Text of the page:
Yes, the battle has already been won. God has gained an overwhelming victory. Believers can rest in His promise and presence. We’ve been promised eternal life with Him in heaven. And if that’s not enough, we have His presence in the form of the Holy Spirit. His indwelling power helps us with our earthly trials.

When things get tough with MI, we wonder if God has left us. We ask, “Who shall separate us from the love of Christ? Shall trouble or hardship or persecution or famine or nakedness or danger or sword (Romans 8:35)?”

Romans 8:38-39 assures us no hardship—not even MI—will separate us from His love.

“For I am convinced that neither death nor life, neither angels nor demons, neither the present nor the future, nor any powers, neither height nor depth, nor anything else in all creation, will be able to separate us from the love of God that is in Christ Jesus our Lord.”

The mention of angels and demons reminds us there’s a spiritual battle being waged. God’s angels protect His people. Sometimes God sends a heavenly messenger. Like the one sent to Daniel. Here’s how Daniel described the divine interaction:

“Again the one who looked like a man touched me and gave me strength. ‘Do not be afraid, you who are highly esteemed,’ he said. ‘Peace! Be strong now; be strong.’ When he spoke to me, I was strengthened and said, ‘Speak, my lord, since you have given me strength (Daniel 10:18-19).’”

How did Daniel qualify for that celestial encounter? The messenger explained what Daniel had done to earn the honor.

“Since the first day that you set your mind to gain understanding and to humble yourself before your God, your words were heard, and I have come in response to them (Daniel 10:12).”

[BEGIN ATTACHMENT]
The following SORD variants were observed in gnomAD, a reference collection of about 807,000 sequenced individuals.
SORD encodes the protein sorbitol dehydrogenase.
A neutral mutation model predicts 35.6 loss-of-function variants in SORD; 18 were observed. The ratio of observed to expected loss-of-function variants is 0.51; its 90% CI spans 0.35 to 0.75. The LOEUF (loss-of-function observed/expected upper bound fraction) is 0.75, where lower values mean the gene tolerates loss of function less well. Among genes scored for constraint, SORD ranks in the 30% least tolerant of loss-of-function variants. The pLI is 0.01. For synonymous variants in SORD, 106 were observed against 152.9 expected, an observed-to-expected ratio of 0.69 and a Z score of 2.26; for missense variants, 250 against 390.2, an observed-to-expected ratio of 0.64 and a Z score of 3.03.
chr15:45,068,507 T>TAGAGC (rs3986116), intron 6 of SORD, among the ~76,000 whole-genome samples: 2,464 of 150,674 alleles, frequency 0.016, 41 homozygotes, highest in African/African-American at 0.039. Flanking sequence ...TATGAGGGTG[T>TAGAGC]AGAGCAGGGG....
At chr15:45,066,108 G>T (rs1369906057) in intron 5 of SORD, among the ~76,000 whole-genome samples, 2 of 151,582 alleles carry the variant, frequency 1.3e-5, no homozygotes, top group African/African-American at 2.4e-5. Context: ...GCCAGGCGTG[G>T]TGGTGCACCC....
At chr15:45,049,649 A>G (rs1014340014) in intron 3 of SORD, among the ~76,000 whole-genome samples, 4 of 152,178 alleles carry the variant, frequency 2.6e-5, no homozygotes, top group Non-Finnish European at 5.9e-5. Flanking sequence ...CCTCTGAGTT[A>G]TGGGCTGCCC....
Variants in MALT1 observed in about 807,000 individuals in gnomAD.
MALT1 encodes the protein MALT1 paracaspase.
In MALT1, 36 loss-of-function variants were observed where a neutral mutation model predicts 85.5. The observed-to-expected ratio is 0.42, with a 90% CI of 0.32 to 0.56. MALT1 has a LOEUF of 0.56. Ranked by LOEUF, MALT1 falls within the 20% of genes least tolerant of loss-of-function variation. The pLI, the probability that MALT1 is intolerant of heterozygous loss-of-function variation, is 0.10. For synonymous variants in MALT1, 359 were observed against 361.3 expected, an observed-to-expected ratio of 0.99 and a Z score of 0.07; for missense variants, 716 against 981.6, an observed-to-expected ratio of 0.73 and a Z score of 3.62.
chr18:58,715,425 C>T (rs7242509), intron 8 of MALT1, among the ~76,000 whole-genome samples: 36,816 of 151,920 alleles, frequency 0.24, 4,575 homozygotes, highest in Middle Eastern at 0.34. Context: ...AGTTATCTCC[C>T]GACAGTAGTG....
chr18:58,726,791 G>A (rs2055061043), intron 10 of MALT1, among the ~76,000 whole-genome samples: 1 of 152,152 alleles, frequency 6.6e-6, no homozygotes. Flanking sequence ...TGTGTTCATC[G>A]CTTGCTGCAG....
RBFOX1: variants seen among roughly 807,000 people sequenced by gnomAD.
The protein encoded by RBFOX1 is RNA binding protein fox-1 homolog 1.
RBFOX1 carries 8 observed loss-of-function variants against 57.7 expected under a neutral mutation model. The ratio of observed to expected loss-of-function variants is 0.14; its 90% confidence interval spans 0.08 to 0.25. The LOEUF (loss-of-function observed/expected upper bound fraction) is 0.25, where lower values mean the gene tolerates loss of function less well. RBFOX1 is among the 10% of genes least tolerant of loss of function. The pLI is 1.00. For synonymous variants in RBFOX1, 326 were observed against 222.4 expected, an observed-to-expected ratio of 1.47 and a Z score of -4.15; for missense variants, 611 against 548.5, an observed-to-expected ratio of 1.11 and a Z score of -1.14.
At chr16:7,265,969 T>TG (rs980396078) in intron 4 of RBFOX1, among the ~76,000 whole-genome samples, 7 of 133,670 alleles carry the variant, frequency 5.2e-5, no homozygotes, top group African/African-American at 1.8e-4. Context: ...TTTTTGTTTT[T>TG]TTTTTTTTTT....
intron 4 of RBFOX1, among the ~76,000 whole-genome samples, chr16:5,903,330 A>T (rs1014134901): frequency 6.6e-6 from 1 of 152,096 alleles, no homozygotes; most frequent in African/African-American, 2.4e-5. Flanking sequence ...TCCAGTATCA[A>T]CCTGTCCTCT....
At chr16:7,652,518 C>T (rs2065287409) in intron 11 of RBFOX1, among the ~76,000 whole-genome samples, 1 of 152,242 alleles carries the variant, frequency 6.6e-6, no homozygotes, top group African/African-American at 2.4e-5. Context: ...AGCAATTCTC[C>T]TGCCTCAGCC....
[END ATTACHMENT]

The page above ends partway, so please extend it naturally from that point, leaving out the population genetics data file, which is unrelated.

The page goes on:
Heavenly Father,

I come before You humbly. I’m determined to fully understand Your victory. When all around looks dismal or when things seem out of control, help me remember Who’s fighting the battle. As Your messenger did for Daniel, strengthen me and give me Your peace. In Jesus’ name, Amen.

The more we reflect on God’s love and power, the more we find rest in Him. How can we even explain such love? By using surperlatives. Like Chris Tomlin did in his song ‘Indescribable.’

http://www.youtube.com/watch?v=gWdM4B1HEyI

 

Signs of Joy

Chris.Vic.Christmas  Chris.waving

What’s my remote tail wager? My smile. When our cocker spaniel was alive I’d flash a full-teeth smile in his direction. Allegro’s tail would instantly wag like fast-speed windshield wipers. Then I’d switch to a tragedy-mask sad face. He’d match my expression by freezing his tail and dropping his head. I’d alternate the faces and get the same mirrored emotion from my pet. Happy face—wagging tail…Sad face—motionless tail.